A play about SNL’s first female star

Rosaruby Kagan stars in Bunny Bunny: Gilda Radner — A Sort of Love Story, portraying the comedian and her sort-of boyfriend/SNL writer Alan Zweibel.

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Rosaruby Kagan in Bunny Bunny
Gilda Radner first came up to Alan Zweibel while he was cowering behind a plastic plant 40 years ago. They were in the writer’s room of Saturday Night Live, on its maiden season. Zweibel was a young and nervous comedy writer from Long Island. Radner, already a Second City alum, was considerably more comfortable. As Zweibel tells it, her chatterbox persona and sweet disposition put him at ease. The two were kindred spirits: neurotic, silly, Jewish and eager to joke. They would first be near-lovers, then fast friends, for 14 more years until Radner passed away in 1989 from ovarian cancer.

Bunny Bunny Standing HorizontalBunny Bunny: Gilda Radner — A Sort of Love Story is Zweibel’s memories-turned-novel-turned-play about their friendship.

The script was originally meant for two players, but when director Tanner Harvey came on board for this production, he persuaded actress Rosaruby Kagan to morph it into a one-woman show. She incarnates both Zweibel and Radner for the fourth time, as Bunny Bunny comes to the Segal Centre Studio.

Kagan, a drama therapist by day, first performed the show at the Freestanding Room in summer 2013. She has also toured the show in her New Mexico hometown, and the Uno Festival in British Columbia. At the Segal studio, the challenge is to recreate the warm, close feeling of the Freestanding Room in a bigger space with a much larger audience.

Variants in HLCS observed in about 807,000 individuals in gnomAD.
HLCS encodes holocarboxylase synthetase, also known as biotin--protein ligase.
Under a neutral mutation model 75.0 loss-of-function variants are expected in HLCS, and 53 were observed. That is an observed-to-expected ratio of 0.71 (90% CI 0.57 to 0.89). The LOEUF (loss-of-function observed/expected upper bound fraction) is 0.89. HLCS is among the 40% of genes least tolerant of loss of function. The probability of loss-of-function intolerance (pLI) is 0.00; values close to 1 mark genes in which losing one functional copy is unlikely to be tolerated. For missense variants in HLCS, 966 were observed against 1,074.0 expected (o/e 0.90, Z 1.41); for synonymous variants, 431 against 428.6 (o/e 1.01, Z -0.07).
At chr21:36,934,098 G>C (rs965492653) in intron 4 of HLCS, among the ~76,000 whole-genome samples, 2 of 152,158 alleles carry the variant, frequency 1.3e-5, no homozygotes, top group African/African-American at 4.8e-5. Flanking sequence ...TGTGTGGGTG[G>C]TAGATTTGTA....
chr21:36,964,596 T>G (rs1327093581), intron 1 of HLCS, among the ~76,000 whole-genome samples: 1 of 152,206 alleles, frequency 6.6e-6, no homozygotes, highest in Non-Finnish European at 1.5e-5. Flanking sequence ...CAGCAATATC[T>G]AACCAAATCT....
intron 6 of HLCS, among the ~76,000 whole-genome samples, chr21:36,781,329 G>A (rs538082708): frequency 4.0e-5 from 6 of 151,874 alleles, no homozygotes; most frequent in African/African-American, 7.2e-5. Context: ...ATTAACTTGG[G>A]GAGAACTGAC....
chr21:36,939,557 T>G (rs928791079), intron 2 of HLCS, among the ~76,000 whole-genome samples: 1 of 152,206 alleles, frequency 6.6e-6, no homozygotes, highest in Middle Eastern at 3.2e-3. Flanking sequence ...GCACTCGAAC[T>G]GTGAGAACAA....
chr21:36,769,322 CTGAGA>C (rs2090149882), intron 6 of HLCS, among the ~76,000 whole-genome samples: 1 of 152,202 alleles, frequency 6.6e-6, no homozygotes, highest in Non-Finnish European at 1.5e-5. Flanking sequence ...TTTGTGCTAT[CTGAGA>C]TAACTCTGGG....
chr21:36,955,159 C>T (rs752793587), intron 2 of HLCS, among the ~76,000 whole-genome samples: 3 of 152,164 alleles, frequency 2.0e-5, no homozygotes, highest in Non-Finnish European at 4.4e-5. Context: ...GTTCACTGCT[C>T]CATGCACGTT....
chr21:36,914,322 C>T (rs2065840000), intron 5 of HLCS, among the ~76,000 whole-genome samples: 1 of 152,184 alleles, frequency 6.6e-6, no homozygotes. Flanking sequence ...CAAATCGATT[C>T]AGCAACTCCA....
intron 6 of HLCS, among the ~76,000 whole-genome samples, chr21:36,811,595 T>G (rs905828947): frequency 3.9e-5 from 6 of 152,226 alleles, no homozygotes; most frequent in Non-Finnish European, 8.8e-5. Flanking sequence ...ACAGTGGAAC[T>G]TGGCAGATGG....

“I can’t be too intimate, I have to be big enough so that everyone enjoys the story,” Kagan explained last week during a break in rehearsal.

The show inevitably loses a shred of that closeness, but Kagan now has the space to let her myriad movements and character changes breathe. She and Harvey have exactingly recreated the set, which is bookended by the audience, deliberately halved in two and seated directly opposite each other. The show is tighter, script-wise, and the lighting is more evocative (design by Jody Burkholder).

Kagan’s performance is rich and detailed. To prepare, she combed through a hardcover copy of There’s Always Something, Radner’s autobiography, plus VHS tapes and YouTube clips of Radner’s skits.

Gilda Radner
Gilda Radner

As a comedian, Radner is not necessarily forgotten today, but had she survived her bout with cancer, she likely would still be mentioned in the same breath as her contemporaries like Steve Martin, Billy Crystal and Martin Short. She was like Kristen Wiig or Tina Fey today: funny and weird in her performances without being overtly sexual, nagging or ditzy.

“She had a goofy, charismatic soul,” said Kagan. “Gilda played a broad spectrum, and I think she really opened the door for women to explore comedy in a different way. She was humble about it, too.”

A cautionary note for fans: if you’re coming to the show to see her iconic personas like Roseanne Roseannadanna or Emily Litella (which Zweibel co-created with Radner), you’re better off wading through YouTube as you won’t see them in the show. During a stage rehearsal for Bunny Bunny in 1997, author Zweibel explained why to the New York Times: “I wanted the play to be about two people who just happen to be called Gilda and Alan, and the kind of couple they become. That’s why I didn’t put any of Gilda’s special roles in.”

Still, Bunny Bunny (the title is a classic Gilda-ism) is a lasting tribute to her memory — not just of the public face audiences loved, but of the fragile and whimsical woman, friend and lover Radner was.
Bunny Bunny: Gilda Radner — A Sort of Love Story runs at the Segal Centre Studio (5170 Côte-Ste-Catherine) on Nov. 27 and Nov. 29 (8 p.m.), as well as Nov. 30 (3 p.m.), $25/$18 students/$20 seniors


Steve Martin pays homage to Radner during his opening monologue on Saturday Night Live, the very day she died.

Steve Martin’s SNL tribute to Gilda Radner from Karen on Vimeo.
Gilda Radner on how she developed Baba Wawa, her impression of Barbara Walters. Bonus: Walters reacts.

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